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I've seen on a lot of websites that nail-biting behaviour is due to lack of iron in the blood. I'm wondering if is this actually true, or just an urban myth which has spread and spread?

  • 2
    Can you provide a link to one that makes such a claim? – fred May 19 '11 at 17:57
  • Funny :) Since I know at least one anecdotal case where this is true, I'd love to see this answered :) – Lagerbaer May 19 '11 at 17:58
  • I bite my nails when I'm stressed (to a point that I haven't used nail clippers in many years). I was told the same thing that nail-biting indicates an iron deficiency, but I doubt it because I take vitamins and minerals supplements regularly. – Alexandru May 19 '11 at 18:21
  • Exactly. I bite my own nails as well, but doubt that I have iron deficiency. – Chris Dennett May 20 '11 at 0:16
  • So far, all I've found is indications, as mentioned by NonSequitor below, that an iron deficiency can cause unusual nail appearance and the occasional mention that fingernail biting could be considered a symptom of pica, which sometimes stems from deficiencies. – Sean Duggan Jun 20 '14 at 18:58
17

There are two manifestations of iron deficiency that could explain this claim: koilonychia and pica.

Koilonychia or "spoon nails" is when the nail becomes concave. It can be a classic sign of iron deficiency on physical exam.* The nails of iron-deficient patients may also become brittle and/or split lengthwise.

Koilonychia

Some form of pica is present in about half of cases of iron deficiency. It describes a broad range of eating disorders, often associated with mineral deficiencies, where a person will compulsively eat or chew on an unusual substance. Common examples are ice, clay, laundry starch, hair, and the classic, lead paint chips. However nailbiting itself has not been classified as a form of pica, possibly because it's so common among people without any nutritional deficit. Nailbiting (fancy medical word: onychophagia) is overwhelmingly attributed to anxiety, general compulsive behavior, or just being a kid.

So it's not inconceivable that an iron-deficient person with a tendency to put unusual things in their mouth and brittle, misshapen nails might start chewing on them. But it would be a fairly useless diagnostic sign because nailbiting due to other causes is so common.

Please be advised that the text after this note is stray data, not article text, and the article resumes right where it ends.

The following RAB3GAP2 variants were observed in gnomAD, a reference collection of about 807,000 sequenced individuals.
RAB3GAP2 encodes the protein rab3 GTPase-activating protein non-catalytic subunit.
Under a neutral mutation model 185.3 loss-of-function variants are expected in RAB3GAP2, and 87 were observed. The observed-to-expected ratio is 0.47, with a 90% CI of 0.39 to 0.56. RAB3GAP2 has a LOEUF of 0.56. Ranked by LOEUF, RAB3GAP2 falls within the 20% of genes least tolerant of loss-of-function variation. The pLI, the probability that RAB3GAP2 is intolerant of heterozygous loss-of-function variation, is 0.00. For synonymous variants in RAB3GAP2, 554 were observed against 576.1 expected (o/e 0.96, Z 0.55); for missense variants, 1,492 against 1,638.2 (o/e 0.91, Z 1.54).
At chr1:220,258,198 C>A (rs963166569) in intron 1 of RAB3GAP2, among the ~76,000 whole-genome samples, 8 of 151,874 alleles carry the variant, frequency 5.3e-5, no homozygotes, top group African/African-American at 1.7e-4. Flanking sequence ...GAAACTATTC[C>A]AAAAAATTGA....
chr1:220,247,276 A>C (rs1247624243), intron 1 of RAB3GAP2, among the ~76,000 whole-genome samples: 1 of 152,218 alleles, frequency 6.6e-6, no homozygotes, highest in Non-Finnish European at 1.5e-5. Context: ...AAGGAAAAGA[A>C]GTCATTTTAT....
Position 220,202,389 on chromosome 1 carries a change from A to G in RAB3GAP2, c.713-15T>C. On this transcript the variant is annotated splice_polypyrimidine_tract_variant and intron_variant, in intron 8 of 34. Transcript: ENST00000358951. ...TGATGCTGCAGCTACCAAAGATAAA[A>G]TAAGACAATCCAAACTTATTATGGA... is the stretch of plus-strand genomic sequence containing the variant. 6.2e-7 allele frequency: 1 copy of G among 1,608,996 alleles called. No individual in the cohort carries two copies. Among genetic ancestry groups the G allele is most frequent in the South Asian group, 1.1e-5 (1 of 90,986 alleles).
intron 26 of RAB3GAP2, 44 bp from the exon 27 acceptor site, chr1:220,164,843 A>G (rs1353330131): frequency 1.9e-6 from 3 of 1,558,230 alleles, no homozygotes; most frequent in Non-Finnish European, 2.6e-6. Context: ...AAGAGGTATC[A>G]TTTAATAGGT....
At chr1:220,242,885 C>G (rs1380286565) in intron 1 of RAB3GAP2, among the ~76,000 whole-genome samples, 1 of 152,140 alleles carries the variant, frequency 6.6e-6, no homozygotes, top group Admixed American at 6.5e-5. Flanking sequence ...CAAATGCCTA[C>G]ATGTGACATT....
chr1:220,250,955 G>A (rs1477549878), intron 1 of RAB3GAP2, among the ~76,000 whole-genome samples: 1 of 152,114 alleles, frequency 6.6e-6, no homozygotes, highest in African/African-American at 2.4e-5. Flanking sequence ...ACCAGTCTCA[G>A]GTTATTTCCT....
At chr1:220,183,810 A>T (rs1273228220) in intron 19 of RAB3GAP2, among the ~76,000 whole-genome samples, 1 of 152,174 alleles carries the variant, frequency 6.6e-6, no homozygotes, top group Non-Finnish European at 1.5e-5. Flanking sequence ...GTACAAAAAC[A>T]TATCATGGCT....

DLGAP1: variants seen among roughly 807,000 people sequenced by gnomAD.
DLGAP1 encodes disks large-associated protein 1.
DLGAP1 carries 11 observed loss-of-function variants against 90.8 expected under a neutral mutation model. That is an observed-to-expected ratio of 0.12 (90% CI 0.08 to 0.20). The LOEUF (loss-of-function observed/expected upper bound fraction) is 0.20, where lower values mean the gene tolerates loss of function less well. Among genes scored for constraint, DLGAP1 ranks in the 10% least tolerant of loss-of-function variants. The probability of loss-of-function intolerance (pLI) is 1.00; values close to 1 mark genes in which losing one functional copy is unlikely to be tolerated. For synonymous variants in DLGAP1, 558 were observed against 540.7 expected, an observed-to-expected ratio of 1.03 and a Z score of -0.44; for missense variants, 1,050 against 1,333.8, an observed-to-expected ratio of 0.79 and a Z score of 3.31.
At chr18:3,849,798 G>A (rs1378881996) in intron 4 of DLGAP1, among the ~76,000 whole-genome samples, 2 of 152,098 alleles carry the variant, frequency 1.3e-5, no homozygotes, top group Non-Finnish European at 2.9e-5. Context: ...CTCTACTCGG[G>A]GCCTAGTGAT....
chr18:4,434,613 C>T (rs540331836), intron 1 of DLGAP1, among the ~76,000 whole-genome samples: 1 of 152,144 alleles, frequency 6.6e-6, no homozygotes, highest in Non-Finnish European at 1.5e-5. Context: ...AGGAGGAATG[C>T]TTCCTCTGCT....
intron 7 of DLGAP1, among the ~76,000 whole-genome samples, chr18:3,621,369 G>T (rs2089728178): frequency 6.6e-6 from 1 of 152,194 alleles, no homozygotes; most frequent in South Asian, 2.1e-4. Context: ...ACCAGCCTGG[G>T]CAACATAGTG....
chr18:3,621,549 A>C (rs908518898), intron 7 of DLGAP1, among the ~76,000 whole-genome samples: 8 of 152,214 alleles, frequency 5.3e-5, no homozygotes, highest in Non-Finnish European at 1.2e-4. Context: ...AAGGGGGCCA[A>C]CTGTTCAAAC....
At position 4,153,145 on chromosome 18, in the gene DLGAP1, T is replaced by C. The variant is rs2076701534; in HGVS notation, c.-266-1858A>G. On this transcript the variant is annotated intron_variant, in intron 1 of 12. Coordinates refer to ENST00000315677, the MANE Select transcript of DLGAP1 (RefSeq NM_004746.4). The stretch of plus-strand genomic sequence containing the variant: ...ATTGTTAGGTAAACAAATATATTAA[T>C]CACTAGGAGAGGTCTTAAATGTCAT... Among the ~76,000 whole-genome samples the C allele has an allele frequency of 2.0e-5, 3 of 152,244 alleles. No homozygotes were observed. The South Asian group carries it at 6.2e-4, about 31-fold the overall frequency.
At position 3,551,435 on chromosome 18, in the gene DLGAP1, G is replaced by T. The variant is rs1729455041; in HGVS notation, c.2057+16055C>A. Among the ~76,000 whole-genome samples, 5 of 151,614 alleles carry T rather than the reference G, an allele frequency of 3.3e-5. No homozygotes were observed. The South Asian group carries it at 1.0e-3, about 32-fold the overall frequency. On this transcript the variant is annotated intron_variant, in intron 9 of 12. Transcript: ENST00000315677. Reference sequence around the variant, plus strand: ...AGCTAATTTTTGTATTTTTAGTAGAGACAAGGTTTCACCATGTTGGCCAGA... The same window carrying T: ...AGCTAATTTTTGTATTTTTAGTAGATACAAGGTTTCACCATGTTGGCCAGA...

*Koilonychia, like many "classic" signs, may be more common on med school exams than in real life.

  • 3
    "Koilonychia, like many "classic" signs, may be more common on med school exams than in real life".It is.Chances are if we're looking at the fingers for anemia, we're not looking at the nail,but at the other side of the finger to do a finger stick test.Much quicker,much more reliable,and a good manicurist can't cover it up.I'll be honest,if someone comes in with fingernails all chewed off,my index of suspicion bypasses anxiety and goes straight to meth,but anyway...All in all +1 for the logic of coming up with a plausible,if unlikely,mechanism to explain this.Good work. – Monkey Tuesday May 20 '11 at 1:01
  • It's worth noting that nail biting may be employed, consciously or un-, to "trim" nails that are malformed due to some other condition. – Daniel R Hicks Dec 12 '17 at 19:57
1

Nail biting can reflect mineral deficiencies - iron perhaps but also magnesium or calcium or zinc. In my case, it's magnesium. If I take magnesium supplements, my desire to bite my nails goes away, when I stop my desire returns. Also, biotin and vitamin D have been suggested (for references,please see below). For those of you taking multivitamins or supplements, two things to note:

  1. Many supplements do not contain what they say they contain, or don't contain the amounts they claim. It's a good idea to double check which supplement brands are best for example with consumerlab.com .
  2. Minerals can compete with each other for uptake, for example the divalent cation minerals iron, calcium, magnesium, zinc, copper etc. So if you take a lot of calcium, for example, you may actually be low in some of the other important minerals due to competition (they must use the same receptors). Another example: Many people take calcium for bone health, and it's been shown not to help. It may be that these people actually need more magnesium for their bones.

One last thought - these issues are particularly true for people with malabsorption in the gut. For healthy people, this should not be an issue. I would suggest trying a few different minerals or vitamins, and see if one of these correlates with less nail biting. Be careful with iron, however, because too much is unhealthy.

References:

  • Cashman and Sloan. Clin Dermatol. 2010 Jul-Aug;28(4):420-5. doi: 10.1016/j.clindermatol.2010.03.037. Nutrition and nail disease.

  • New York Times. EATING WELL; It's on the Label, But in the Tablet? By MARIAN BURROSJAN. 2, 2002

  • Hypomagnesaemia due to use of proton pump inhibitors – a review M.T. Kuipers1, H.D. Thang2, A.B. Arntzenius. The Netherlands Journal of Medicine. 2009

  • Good point. A LOT of people are magnesium-deficient and don't know it. It's not commonly checked in regular blood tests, and the symptoms are vague. – Daniel R Hicks Dec 12 '17 at 19:54
  • It's worth noting that women are more likely to be iron deficient (due to menstrual bleeding) than men. Men are thus recommended against iron supplements. – Brythan Dec 12 '17 at 21:57
  • @Brythan - Unless you have something like MADD. – Daniel R Hicks Dec 13 '17 at 4:01

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